My friend knows that money is important, but ultimately maintaining our relationship is more important. A big car dealership isn’t interested in being my friend. They are interested in a financial transaction. And even when the reach out and try to help by fixing that problem after the sale, chances are that it still isn’t about the relationship. It is about having you come back to buy another car in a few years. It is still about the transaction.
The scripture reading for today is just one of many that use the metaphor of our relationship to Jesus being like a marriage covenant. All the way through Revelation we find these celebrations, the marriage supper of the Lamb, meant to mark our new covenant with God.
Our relationship to Jesus was viewed as a covenant for the first 1500 years or so. Of course there were others who helped lead us away from this understanding, but the reformer John Calvin probably had the greatest influence in leading us toward a legal paradigm for relating to Jesus. Calvin was a brilliant individual; he wrote huge volumes of theological reflections. And many denominations still draw heavily from his works, for better or worse.
Before he became a theologian, Calvin was a lawyer. He studied law at some of the finest universities. Perhaps, like my law professor friend who read the Sermon on the Mount and saw law, his law training caused him to read the scriptures as a legal transaction instead of a covenant.
As a result of Calvin’s legal reading of the Gospels and his immense impact on the church and her doctrines today, we often view Christianity through the lens of a legal contract rather than a relational covenant.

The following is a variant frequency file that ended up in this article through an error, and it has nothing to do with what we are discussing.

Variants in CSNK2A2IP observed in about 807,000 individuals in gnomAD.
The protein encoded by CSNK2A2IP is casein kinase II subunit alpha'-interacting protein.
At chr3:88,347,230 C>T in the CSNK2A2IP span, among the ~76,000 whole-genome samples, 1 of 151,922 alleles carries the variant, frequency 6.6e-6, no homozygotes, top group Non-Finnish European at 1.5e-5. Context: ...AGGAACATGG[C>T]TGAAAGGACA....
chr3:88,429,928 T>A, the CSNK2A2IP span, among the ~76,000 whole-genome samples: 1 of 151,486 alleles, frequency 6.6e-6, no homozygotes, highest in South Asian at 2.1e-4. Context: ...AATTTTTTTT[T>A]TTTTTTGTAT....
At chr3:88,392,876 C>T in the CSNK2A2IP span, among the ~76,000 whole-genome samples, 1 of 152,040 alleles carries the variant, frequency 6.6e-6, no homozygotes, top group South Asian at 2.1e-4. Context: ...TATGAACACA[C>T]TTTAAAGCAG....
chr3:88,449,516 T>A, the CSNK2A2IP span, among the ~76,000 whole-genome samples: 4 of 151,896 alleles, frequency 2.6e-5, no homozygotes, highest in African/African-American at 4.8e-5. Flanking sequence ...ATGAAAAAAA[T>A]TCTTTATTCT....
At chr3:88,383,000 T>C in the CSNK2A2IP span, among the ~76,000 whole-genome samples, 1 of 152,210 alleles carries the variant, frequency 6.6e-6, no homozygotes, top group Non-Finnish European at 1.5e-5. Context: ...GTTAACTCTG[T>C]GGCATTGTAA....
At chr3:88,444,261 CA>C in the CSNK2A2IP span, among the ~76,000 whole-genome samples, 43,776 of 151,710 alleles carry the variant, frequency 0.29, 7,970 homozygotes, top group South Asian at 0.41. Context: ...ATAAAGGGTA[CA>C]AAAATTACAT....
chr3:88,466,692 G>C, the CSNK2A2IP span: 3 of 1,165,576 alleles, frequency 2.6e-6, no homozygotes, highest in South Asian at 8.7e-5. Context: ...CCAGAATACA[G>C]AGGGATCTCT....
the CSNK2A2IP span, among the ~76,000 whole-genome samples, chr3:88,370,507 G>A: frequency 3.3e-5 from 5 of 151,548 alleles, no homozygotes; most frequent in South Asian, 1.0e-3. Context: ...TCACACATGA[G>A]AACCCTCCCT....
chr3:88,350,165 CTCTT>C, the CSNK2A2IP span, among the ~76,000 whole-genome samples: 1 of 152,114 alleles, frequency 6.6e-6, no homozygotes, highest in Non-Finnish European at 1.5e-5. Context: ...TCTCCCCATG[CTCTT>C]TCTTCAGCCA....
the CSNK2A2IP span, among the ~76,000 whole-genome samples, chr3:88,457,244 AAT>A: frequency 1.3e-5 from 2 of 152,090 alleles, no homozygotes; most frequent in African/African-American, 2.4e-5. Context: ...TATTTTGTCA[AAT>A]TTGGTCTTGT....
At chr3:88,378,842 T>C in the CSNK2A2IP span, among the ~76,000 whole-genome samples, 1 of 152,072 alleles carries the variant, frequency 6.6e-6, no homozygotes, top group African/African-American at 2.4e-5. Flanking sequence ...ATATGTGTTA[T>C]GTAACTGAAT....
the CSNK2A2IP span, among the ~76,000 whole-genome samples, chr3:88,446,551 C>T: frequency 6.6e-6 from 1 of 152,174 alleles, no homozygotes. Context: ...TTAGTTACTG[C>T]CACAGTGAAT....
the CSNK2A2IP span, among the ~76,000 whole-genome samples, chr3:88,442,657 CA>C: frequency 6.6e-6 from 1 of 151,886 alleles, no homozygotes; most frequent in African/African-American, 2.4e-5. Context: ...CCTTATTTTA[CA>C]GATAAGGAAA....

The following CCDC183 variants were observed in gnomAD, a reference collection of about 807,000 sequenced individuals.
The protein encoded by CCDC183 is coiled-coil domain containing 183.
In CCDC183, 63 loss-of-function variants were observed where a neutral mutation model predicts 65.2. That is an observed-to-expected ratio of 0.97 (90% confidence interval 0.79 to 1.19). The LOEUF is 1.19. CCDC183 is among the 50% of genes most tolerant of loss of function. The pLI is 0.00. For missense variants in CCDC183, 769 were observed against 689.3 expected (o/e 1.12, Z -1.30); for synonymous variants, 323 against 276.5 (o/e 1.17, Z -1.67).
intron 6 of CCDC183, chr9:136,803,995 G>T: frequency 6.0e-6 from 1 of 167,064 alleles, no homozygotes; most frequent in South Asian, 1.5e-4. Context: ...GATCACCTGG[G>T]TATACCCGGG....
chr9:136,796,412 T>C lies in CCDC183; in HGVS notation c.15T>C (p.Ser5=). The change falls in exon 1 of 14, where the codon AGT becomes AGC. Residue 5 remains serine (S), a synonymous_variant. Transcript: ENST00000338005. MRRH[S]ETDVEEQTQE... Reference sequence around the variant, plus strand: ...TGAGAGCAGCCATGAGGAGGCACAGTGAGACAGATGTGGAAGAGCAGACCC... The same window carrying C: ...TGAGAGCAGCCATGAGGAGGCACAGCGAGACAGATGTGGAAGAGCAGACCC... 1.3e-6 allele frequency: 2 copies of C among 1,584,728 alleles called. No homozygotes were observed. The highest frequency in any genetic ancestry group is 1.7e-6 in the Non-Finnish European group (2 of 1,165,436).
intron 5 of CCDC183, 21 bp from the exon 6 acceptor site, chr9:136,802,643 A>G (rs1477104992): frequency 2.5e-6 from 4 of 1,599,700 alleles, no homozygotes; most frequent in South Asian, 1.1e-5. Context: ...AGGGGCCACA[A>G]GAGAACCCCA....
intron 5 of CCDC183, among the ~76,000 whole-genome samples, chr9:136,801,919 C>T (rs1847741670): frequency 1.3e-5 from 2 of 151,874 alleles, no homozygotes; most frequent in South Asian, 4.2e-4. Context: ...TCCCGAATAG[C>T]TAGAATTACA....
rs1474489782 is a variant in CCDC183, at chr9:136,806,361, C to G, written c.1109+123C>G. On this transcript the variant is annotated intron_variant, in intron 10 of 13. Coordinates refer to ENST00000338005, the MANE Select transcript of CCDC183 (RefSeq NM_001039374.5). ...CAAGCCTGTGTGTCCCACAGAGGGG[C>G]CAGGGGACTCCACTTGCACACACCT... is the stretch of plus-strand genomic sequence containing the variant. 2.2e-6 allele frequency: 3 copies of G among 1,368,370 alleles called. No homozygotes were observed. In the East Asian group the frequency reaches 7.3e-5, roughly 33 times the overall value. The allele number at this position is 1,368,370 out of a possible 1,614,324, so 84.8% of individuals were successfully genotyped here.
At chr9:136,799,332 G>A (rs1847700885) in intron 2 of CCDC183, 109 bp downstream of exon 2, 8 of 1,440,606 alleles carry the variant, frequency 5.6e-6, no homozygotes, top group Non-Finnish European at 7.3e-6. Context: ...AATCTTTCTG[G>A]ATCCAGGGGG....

Let me give you a few examples. We often hear questions in the church about salvation, grace, and forgiveness. We often hold salvation by works and salvation by grace as two opposing theories. Are we forgiven because of our deeds? Does following Jesus lead to our forgiveness or is it simply a gift from God?
Of course everyone will say that grace is a gift from God, not by works, lest no man shall boast. Anyone who claims that grace is by any other means is considered a heretic! But then we go and talk about all sorts of rules, teachings, and laws that a Christian must follow.
We learn this from the apostle Paul, who was the first to really articulate a theory of salvation by grace through faith. At times Paul preaches directly against the law, like in Galatians 2:15-16: “We who are Jews by birth and not sinful Gentiles know that a person is not justified by the works of the law, but by faith in Jesus Christ. So we, too, have put our faith in Christ Jesus that we may be justified by faith in Christ and not by the works of the law, because by the works of the law no one will be justified.”
Paul is sometimes called an antinomist, which means he was against the law. Here he says that no one is justified by the law, they never were and never will be. Justification, forgiveness, and grace have always been about putting faith in God, and that at times meant putting your faith in the systems that God had put in place for a period of time, such as during the period of animal sacrifices in the temple. But even then, grace came through faith in God.
But this same Paul who says that the law and good works are not the way to grace and salvation is also the same Paul who writes list after list of vices, things that we should avoid. Sexual immorality, greed, lust, deceit, and slander are all to be avoided. So if we as Christians seem to be a little confused about this question of whether salvation is by grace, works, or some kind of combination of the two, we come by it honestly. We come by through Paul.